The Best Places to Eat and Drink in Reykjavik
Reykjavik doesn’t spring to mind when you think amazing food. That’s where you’d be wrong. Iceland’s capital is full of amazing places to eat, drink and be merry. From Icelandic delicacies to Michelin star cuisine, Hayley Goerisch knows the best places to eat and drink in Reykjavik.
Known for traditional delicacies such as fermented shark, puffin and minke whale, Iceland may not seem like a foodie destination, but it has so much more to offer: delicious baked goods, some of the best hot dogs in Europe and top-notch fine dining destinations.
Hayley Goerisch knows where to go to sample everything from Icelandic delicacies to Michelin star cuisine. Read this before you visit. Side note: While in Reykjavik, make your base the design-led 101 Hotel in Reykjavik and start exploring this food mecca.
CINNAMON ROLLS AND OTHER FRESHLY BAKED GOODS
Down the street from the iconic Hallgrimskirkja is Brauð and Co. They serve delicious freshly baked treats such as cinnamon rolls and cinnamon cake throughout the day. Sandholt Bakari opens earlier than most restaurants and businesses in Reykjavik, which makes it a great place to eat before heading off to explore the countryside. The restaurant has both a take out bakery section and a more formal sit down area. The menu focuses on items made with their freshly baked breads, such as toast with seasonal jam and butter or a breakfast sandwich with egg and potato salad, ham and sauerkraut.
BILL CLINTON’S FAVOURITE LAMB HOT DOGS
Photo credit: Baejarins Beztu Pylsur
Iceland takes its hot dogs very seriously (as do we); they even have a special hot dog mustard. The sausages are thin, made from lamb and have quite a snap. The most famous of Reykjavik’s hot dog establishments is Baejarins Beztu Pylsur, which translates to best hot dog in town. Former U.S. president Bill Clinton famously ordered a hot dog with only mustard, but it’s recommended you try one with everything on it: sweet brown mustard, remoulade sauce, ketchup, fried onions and raw onions.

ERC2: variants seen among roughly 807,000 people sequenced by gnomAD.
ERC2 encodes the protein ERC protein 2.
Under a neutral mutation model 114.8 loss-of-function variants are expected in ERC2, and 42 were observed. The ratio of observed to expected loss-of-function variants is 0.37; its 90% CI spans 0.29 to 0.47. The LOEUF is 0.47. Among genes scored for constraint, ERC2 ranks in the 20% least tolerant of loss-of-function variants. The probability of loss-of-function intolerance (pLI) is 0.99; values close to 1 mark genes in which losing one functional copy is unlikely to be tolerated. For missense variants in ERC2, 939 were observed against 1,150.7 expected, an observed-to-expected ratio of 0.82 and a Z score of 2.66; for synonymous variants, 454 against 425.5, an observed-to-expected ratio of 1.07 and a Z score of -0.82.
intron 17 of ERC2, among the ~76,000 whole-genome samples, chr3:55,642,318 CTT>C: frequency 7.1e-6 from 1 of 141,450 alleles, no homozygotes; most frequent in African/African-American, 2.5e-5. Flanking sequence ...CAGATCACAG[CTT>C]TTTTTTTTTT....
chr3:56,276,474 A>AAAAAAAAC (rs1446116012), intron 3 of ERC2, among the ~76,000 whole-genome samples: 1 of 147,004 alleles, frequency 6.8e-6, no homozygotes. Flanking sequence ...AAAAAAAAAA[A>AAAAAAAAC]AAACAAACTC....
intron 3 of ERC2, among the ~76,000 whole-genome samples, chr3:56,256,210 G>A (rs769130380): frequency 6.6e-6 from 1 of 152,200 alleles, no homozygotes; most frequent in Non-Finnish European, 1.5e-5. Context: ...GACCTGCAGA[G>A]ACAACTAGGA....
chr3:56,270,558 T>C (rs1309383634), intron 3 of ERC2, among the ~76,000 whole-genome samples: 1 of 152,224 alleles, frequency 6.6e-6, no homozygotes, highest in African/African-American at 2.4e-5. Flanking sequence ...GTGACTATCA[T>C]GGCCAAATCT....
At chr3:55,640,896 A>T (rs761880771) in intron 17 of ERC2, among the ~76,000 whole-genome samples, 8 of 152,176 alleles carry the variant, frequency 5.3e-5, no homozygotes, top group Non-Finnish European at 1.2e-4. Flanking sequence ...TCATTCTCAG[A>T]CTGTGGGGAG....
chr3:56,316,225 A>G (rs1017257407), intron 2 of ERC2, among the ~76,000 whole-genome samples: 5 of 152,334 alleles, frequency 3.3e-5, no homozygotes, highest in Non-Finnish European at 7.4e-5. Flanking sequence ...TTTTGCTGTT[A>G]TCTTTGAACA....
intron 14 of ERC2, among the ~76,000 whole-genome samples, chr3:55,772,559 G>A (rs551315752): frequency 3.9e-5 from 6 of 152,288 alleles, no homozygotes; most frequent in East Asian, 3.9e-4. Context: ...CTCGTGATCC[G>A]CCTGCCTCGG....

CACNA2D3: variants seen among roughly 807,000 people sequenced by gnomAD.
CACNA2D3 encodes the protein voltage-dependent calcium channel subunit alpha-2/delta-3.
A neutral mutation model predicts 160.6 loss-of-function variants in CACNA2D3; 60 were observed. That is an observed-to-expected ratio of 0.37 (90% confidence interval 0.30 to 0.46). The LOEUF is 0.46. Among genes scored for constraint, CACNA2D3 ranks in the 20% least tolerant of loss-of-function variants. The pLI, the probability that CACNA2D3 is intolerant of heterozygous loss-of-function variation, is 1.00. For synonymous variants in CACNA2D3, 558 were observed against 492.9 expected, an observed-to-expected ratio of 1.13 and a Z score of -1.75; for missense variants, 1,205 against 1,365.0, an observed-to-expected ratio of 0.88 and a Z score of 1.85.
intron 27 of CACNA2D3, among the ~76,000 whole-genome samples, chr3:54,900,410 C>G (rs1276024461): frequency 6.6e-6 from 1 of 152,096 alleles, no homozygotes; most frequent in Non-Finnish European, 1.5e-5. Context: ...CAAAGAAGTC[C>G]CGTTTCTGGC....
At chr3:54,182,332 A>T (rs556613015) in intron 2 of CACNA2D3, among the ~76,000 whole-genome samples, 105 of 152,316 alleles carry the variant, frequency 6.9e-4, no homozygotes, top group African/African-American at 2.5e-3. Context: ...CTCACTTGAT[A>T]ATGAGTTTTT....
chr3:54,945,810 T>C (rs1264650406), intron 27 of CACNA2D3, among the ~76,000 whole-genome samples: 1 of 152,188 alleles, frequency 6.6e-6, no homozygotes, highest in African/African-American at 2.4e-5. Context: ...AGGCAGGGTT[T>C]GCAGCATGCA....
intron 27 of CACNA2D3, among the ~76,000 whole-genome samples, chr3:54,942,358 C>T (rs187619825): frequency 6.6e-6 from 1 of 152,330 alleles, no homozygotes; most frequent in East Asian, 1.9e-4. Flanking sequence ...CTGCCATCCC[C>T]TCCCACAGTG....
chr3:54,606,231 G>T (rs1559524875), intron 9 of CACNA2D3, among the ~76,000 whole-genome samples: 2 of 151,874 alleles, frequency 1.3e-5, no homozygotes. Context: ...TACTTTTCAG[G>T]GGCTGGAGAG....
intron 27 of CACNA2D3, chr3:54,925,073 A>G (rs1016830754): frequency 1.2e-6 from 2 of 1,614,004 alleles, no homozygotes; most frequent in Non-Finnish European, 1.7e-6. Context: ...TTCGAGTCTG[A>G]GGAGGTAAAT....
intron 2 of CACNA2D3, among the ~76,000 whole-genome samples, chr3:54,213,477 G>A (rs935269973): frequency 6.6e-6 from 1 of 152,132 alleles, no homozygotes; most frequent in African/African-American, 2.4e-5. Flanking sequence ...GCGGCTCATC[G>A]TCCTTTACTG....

ICELANDIC GROCERY SHOPPING
Photo credit: Kolaportid Flea Market
Food can get expensive in Iceland and if you’re staying at a place with a kitchen, such as an AirBnB, then cooking your own meals can cut back on expenses. Grocery stores and convenience stores are all over Reykjavik. Some of the most common are Bonus, Kronan, Netto, and Hagkaup. Bonus is recognizable by its winking pig logo and runs cheap. Kronan has a wider selection than Bonus and includes a section for people with dietary restrictions. Netto is out of the northern city of Akureyri and has just started showing up in the rest of the country, though the store in Reykjavik has been around for a while. Hagkaup is a supermarket where you can find items such as cosmetics and home appliances in addition to groceries.
To shop for more traditional Icelandic food items, go to Kolaportid Flea Market, an indoor food market that sells traditional items such as pickled ram’s testicles, fermented shark and birch cheese… all an acquired taste, we should add.
QUICK, CHEAP, AND MULTICULTURAL OPTIONS
Reykjavik offers more than just cinnamon rolls, hot dogs, and traditional Icelandic food. Grab a falafel at Mandi, a curry from Shalimar (they have a lunch Curry in a Hurry special that includes a small portion of their daily curry with rice and naan), or a slice at Deli. All three offer lunch specials for less than 1000 ISK (a.k.a. cheap).
MICHELIN STAR FINE DINING
Photo credit: Perlan restaurant
Easily considered the best restaurant in Reykjavik, Michelin Starred Dill is known as the center of New Nordic fare in Iceland. With a seasonal menu that features items such as wild goose, tusk, reindeer, and homemade birch liqueur, Dill is a destination for food lovers and adventurous eaters. Seafood lovers should head over to Fiskfelagid located in the basement of the historic Zimsen building. Their menu features outstanding local seafood and dishes from around the world. For stunning 360 degree views of Reykjavik with a four course meal or wild game buffet, diners should head over to Perlan on top of Oskjuhlio hill.
Originally published at www.travioor.com.